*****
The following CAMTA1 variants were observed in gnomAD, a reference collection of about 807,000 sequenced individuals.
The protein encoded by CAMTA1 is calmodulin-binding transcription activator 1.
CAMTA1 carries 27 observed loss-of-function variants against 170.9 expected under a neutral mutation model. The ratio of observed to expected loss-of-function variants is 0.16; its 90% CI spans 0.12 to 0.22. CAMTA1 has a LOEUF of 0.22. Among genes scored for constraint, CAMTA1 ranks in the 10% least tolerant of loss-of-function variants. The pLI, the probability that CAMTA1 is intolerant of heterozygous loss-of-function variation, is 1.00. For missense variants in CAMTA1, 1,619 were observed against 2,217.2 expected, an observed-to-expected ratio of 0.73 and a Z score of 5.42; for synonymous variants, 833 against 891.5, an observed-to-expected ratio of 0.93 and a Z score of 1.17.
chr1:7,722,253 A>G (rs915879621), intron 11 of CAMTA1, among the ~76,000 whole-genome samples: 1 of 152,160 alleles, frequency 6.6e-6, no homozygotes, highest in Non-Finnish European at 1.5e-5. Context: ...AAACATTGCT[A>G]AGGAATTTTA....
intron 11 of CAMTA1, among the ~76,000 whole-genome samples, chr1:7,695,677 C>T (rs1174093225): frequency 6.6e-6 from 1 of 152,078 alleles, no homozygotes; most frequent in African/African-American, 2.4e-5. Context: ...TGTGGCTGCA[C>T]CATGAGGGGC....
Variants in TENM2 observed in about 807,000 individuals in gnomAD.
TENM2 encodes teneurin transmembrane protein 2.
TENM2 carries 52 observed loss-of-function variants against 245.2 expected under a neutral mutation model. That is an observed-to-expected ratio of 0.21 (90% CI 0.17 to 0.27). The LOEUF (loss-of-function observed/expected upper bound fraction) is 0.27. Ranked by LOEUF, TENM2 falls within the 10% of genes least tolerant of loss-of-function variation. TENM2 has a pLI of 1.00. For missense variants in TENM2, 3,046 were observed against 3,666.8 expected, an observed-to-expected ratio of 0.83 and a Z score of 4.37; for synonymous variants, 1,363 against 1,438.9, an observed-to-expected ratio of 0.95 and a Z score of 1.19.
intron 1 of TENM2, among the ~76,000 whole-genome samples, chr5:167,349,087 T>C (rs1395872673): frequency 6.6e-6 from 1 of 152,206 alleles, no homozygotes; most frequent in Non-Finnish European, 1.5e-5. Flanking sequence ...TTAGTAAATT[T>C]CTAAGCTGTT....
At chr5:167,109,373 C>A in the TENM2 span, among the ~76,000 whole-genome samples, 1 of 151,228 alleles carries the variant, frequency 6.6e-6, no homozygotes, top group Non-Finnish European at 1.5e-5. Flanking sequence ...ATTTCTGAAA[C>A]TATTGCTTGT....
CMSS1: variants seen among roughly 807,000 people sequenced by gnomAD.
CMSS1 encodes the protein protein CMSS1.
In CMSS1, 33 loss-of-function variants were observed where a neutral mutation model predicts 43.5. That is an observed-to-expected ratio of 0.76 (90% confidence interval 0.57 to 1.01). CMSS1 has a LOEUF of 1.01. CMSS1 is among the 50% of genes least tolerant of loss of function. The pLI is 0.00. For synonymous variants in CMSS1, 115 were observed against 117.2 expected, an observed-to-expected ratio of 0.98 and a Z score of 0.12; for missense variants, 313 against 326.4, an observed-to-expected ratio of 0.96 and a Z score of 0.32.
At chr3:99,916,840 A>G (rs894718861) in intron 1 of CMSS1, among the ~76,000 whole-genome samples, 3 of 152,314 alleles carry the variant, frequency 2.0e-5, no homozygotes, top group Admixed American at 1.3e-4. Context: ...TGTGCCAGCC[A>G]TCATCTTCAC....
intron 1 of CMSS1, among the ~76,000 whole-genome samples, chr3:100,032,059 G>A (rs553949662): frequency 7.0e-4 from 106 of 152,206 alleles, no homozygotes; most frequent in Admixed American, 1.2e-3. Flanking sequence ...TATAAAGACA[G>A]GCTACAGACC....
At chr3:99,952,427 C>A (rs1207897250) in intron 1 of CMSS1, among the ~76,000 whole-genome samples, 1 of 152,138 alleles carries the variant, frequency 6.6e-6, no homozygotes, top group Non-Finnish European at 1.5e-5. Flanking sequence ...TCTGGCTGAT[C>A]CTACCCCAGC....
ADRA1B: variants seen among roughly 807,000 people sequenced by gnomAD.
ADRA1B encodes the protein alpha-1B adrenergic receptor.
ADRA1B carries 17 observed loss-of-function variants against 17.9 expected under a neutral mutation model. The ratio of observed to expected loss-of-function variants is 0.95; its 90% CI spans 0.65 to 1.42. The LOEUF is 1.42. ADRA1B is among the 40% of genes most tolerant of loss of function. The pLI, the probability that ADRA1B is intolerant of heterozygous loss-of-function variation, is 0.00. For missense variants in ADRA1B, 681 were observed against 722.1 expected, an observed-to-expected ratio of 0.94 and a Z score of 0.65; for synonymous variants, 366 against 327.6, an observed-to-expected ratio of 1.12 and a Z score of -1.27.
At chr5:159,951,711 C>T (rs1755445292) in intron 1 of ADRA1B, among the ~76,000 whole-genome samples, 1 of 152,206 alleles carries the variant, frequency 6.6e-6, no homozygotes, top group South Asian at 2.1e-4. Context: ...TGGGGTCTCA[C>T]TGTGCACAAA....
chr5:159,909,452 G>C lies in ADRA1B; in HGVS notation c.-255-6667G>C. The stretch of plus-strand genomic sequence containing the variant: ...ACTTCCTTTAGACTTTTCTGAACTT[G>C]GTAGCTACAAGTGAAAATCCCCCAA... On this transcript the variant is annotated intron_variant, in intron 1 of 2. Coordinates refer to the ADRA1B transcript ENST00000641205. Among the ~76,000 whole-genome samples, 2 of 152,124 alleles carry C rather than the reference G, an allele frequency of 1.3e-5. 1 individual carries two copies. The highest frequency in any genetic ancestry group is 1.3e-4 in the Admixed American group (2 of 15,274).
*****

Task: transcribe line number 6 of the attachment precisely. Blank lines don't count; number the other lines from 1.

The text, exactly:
Variants in TENM2 observed in about 807,000 individuals in gnomAD.